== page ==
Have you ever been in a situation where a colleague/acquaintance agreed to help you out with one of your fledgling ideas/businesses? This interaction was short-term and it turned into a barter exchange that was quickly fulfilled. Since then, you’ve learned what you want and don’t want to do with this business idea. You didn’t feel the need to check in with the colleague/acquaintance who helped, as they didn’t express interest. A year later, when asked about it, you said you weren’t sure you wanted to pursue that route anymore, though you did appreciate their help. Shortly after, this person soon cut ties with you on Facebook/LinkedIn, etc.

This has happened to me in a few different ways over a decade after I told a few people I was switching tactics/interests, etc. I was being real. I wasn’t clinging to an idea that didn’t hold my interest for the sake of stick-to-itness. In the name of authenticity, I get it if a person no longer identifies with my plan, or purpose and vice versa. As humans, and if you’re an entrepreneur – a dynamic one, you are likely evolving regularly. Shouldn’t those who’ve changed their game plan be allowed the same option for authenticity as those who authentically step down from supporting us? We should be allowed to change our goals and or, change our minds without losing respect.

So, do these authentic networking groups offer space for this? Yes, at least the ones I frequent do.

It would make sense that bringing our true selves to these groups mean connecting and then, reconnecting if we no longer identify when a colleague switches direction. I think there is a peaceable, authentic way to show support of someone when they do, without ditching the relationship and or, fading out.  Is closure necessary for authenticity in ALL relationships? I would think that there’s a good middle ground for everyone to be real with each other without acting like jackasses. Maybe it could be a simple as this –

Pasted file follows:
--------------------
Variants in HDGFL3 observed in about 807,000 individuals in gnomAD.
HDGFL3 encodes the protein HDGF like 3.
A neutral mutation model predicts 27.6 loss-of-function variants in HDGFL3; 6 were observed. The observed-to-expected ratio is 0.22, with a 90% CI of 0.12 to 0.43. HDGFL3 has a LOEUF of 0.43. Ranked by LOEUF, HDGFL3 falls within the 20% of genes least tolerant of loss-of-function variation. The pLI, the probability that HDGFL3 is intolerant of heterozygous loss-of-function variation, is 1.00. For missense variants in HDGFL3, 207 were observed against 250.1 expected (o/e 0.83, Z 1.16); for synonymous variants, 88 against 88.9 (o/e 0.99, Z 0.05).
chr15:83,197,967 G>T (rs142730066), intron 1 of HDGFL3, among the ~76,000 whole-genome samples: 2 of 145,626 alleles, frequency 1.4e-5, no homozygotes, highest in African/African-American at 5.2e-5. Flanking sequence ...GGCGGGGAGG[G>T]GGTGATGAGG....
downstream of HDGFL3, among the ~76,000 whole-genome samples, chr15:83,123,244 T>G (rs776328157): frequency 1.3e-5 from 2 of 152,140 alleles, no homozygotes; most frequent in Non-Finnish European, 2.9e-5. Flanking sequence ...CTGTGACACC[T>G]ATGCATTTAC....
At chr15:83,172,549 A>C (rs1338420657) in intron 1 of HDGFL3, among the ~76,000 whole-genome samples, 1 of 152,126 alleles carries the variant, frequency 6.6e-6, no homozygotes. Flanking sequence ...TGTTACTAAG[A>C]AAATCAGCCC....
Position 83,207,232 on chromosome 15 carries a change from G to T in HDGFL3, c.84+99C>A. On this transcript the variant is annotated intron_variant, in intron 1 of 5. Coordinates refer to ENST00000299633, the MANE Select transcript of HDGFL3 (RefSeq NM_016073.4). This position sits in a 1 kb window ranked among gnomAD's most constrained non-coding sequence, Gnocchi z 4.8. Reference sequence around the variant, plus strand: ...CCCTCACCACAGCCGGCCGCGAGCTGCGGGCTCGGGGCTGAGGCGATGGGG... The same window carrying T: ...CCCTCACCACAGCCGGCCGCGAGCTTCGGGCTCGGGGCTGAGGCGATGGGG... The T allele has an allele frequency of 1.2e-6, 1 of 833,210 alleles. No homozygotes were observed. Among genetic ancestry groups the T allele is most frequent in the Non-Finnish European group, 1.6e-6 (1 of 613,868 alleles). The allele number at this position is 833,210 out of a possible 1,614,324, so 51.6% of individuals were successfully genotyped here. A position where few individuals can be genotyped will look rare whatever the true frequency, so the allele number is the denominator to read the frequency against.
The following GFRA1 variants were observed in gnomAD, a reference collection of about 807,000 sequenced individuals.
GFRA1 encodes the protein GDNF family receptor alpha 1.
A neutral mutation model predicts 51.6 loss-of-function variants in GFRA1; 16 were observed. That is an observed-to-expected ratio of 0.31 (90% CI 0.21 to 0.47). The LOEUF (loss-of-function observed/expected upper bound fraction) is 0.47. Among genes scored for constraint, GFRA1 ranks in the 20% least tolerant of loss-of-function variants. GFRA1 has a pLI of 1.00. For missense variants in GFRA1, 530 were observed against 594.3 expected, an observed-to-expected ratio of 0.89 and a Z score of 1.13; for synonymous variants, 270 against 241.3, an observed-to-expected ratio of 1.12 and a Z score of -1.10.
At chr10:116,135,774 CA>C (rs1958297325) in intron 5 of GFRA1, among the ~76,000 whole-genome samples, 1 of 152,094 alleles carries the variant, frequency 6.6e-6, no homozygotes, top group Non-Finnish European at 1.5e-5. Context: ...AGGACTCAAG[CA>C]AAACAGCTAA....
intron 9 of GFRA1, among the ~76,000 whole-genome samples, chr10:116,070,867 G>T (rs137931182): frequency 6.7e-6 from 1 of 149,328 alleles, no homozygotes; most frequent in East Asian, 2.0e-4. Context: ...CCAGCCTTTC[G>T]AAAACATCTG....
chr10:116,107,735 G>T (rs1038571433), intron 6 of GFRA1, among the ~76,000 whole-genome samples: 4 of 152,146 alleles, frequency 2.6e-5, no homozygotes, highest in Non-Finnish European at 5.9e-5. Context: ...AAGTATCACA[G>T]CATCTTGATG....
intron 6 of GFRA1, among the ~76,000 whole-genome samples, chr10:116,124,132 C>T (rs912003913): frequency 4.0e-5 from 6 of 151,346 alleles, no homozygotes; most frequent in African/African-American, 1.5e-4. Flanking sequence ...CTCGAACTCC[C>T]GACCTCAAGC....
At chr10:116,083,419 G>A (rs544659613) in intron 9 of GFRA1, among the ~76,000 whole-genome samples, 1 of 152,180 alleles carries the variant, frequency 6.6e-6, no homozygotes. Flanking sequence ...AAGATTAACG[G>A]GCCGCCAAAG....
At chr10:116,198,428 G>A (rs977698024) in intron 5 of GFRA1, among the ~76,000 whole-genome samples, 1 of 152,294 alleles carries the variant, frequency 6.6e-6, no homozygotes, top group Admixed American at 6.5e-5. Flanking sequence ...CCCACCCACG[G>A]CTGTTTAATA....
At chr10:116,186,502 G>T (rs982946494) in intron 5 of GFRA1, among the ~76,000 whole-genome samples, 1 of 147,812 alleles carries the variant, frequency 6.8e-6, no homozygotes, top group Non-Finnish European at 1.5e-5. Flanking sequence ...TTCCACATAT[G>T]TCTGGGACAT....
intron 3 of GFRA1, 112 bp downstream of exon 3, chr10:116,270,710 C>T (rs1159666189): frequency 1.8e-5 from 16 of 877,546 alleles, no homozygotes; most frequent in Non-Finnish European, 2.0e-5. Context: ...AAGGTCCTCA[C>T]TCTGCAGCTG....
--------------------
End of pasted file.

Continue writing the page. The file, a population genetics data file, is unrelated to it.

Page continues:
You: Hi, I’m changing my game plan for this business idea X. I don’t feel xyz details are a fit for me anymore. I am going to focus on idea Y now.

Colleague/New Friend: I’m sorry to hear that. I was excited for you. I don’t relate to idea Y, but good luck! (Alternate reply – I’m sorry to hear that, I was excited for you. I don’t relate to idea Y, but I wish you the best with everything. If I come across any resources that’ll be of help to you, I’ll pass them on.)

You: Thanks! 

The second response is not necessarily ending the relationship in this conversation. Either way, I suspect such acts of closure don’t happen regularly. Most of us were not taught how to have such conversations with friends or colleagues. At best, we know how to end a romantic relationship, a volatile friendship, and sales-y/spammer/stalker situations. For these relationships that are in-between, we tend to let them fade out. Sometimes this happens naturally because one or both parties move away, etc.

Whatever your life changes, I believe maintaining authenticity with others is important as your plans evolve. Does the level of commitment/interaction in the relationship change the need for closure? If the interaction was nothing more than a casual one-time meeting, it doesn’t call for it. However, if an exchange of some sort over a few meetings or more – yes. Offering some follow-up I think shows respect. Maybe I care too much?  Maybe it becomes too much work to do on a one-on-one basis for those that are very busy/overwhelmed? I know that some will define respect and authenticity differently from me. So, I am curious – what’s your experience and preferences? Leave a comment and join the conversation.